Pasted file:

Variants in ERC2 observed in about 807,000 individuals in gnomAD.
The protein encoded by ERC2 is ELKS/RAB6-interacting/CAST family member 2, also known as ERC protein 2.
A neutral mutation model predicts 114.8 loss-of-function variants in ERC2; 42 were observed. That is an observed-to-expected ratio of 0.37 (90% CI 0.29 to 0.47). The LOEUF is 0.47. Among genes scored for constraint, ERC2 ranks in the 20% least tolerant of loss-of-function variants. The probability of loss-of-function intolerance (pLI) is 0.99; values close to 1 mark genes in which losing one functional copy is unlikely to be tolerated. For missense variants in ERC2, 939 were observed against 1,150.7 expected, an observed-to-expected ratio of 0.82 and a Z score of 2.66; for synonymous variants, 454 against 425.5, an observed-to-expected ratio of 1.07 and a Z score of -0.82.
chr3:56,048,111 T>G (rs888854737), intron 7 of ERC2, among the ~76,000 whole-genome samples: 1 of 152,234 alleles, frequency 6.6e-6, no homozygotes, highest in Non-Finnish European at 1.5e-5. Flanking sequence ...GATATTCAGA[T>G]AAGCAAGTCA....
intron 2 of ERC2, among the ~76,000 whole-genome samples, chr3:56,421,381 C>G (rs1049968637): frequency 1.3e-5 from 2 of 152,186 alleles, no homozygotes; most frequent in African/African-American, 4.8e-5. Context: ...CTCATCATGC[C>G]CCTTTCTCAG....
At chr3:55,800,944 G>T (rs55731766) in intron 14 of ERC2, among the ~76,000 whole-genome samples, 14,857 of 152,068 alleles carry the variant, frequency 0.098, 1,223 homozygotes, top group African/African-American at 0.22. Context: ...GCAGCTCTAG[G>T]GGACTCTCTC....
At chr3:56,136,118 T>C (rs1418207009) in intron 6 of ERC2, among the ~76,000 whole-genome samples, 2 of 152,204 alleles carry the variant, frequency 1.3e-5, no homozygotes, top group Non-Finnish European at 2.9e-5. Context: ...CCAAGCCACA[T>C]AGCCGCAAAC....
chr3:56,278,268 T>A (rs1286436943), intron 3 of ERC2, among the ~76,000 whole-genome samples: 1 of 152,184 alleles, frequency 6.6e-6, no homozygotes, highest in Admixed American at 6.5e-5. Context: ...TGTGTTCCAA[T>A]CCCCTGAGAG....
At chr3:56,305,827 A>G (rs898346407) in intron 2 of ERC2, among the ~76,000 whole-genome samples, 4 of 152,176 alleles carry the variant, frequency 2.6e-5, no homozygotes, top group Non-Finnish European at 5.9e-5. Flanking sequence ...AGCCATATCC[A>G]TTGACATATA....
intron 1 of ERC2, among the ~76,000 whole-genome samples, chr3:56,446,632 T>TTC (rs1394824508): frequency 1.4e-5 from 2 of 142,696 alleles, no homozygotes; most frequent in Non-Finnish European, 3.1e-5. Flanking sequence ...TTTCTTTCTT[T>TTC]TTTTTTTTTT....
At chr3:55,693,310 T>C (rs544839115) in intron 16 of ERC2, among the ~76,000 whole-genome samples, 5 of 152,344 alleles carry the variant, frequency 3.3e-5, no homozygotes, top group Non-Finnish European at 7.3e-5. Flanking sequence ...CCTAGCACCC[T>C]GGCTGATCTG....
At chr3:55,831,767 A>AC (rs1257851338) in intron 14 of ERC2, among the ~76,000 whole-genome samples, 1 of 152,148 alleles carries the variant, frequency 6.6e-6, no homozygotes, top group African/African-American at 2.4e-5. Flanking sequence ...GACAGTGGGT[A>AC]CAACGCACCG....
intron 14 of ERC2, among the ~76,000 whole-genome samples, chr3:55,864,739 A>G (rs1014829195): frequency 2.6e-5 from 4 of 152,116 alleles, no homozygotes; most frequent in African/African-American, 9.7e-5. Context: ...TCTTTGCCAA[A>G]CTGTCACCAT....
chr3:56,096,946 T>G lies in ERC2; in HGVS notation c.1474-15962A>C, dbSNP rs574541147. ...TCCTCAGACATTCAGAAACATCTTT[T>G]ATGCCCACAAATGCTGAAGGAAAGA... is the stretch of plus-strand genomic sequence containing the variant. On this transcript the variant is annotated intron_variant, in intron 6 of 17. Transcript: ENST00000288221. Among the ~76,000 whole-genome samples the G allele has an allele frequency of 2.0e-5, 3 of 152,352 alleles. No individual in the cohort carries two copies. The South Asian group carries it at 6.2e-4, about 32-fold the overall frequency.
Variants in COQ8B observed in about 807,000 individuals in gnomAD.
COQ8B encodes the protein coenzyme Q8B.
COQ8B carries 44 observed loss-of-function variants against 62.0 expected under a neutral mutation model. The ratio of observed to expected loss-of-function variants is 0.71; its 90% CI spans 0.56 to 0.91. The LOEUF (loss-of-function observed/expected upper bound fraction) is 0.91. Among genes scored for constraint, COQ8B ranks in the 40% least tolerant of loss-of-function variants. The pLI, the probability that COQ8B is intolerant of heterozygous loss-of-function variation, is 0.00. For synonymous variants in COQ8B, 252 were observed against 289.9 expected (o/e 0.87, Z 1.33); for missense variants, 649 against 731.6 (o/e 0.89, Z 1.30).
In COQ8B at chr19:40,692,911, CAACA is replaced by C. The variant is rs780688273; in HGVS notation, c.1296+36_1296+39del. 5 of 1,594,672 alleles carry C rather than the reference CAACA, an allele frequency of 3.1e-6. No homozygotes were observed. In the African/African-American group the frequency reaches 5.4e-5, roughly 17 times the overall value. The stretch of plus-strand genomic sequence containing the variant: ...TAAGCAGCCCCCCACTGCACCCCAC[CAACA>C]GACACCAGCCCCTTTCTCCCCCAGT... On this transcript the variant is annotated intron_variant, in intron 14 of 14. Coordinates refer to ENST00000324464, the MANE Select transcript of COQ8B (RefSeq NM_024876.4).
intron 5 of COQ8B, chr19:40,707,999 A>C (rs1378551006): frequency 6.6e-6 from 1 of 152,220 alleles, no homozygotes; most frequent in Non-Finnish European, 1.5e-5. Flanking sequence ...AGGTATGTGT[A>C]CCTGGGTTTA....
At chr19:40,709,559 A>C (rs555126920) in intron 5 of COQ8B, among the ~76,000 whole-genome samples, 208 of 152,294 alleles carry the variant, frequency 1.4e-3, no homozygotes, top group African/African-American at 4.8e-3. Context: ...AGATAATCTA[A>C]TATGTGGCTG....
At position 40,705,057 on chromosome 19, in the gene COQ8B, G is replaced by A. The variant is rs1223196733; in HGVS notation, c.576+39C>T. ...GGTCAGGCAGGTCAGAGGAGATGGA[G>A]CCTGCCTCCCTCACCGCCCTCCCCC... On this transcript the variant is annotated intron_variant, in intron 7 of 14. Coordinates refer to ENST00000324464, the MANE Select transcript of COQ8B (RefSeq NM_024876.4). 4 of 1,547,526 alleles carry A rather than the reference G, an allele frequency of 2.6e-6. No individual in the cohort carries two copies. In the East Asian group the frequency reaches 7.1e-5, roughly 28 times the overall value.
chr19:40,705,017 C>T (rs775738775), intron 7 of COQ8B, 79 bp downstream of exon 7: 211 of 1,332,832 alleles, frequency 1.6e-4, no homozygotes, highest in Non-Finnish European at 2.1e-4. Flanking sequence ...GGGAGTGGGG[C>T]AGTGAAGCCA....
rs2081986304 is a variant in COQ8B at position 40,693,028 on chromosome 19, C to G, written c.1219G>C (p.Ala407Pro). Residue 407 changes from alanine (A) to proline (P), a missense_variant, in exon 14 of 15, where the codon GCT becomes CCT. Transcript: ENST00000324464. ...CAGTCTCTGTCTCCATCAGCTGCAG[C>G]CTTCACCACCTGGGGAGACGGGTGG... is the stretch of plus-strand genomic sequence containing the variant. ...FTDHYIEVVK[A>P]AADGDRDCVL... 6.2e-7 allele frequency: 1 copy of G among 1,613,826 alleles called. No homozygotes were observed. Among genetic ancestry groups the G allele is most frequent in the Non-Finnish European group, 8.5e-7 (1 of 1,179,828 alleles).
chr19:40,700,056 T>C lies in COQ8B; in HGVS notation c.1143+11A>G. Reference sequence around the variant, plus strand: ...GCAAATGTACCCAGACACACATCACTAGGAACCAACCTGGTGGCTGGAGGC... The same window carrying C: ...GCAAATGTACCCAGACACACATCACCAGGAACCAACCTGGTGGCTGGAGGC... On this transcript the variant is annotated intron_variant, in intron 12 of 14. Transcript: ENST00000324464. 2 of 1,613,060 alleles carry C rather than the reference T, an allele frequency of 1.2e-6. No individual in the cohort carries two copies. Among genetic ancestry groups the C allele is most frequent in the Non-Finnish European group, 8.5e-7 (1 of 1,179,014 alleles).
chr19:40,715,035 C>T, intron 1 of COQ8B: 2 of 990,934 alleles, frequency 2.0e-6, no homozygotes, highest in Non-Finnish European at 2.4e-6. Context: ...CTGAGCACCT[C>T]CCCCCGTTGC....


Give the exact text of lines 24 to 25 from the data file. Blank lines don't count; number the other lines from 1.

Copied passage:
chr19:40,700,056 T>C lies in COQ8B; in HGVS notation c.1143+11A>G. Reference sequence around the variant, plus strand: ...GCAAATGTACCCAGACACACATCACTAGGAACCAACCTGGTGGCTGGAGGC... The same window carrying C: ...GCAAATGTACCCAGACACACATCACCAGGAACCAACCTGGTGGCTGGAGGC... On this transcript the variant is annotated intron_variant, in intron 12 of 14. Transcript: ENST00000324464. 2 of 1,613,060 alleles carry C rather than the reference T, an allele frequency of 1.2e-6. No individual in the cohort carries two copies. Among genetic ancestry groups the C allele is most frequent in the Non-Finnish European group, 8.5e-7 (1 of 1,179,014 alleles).
chr19:40,715,035 C>T, intron 1 of COQ8B: 2 of 990,934 alleles, frequency 2.0e-6, no homozygotes, highest in Non-Finnish European at 2.4e-6. Context: ...CTGAGCACCT[C>T]CCCCCGTTGC....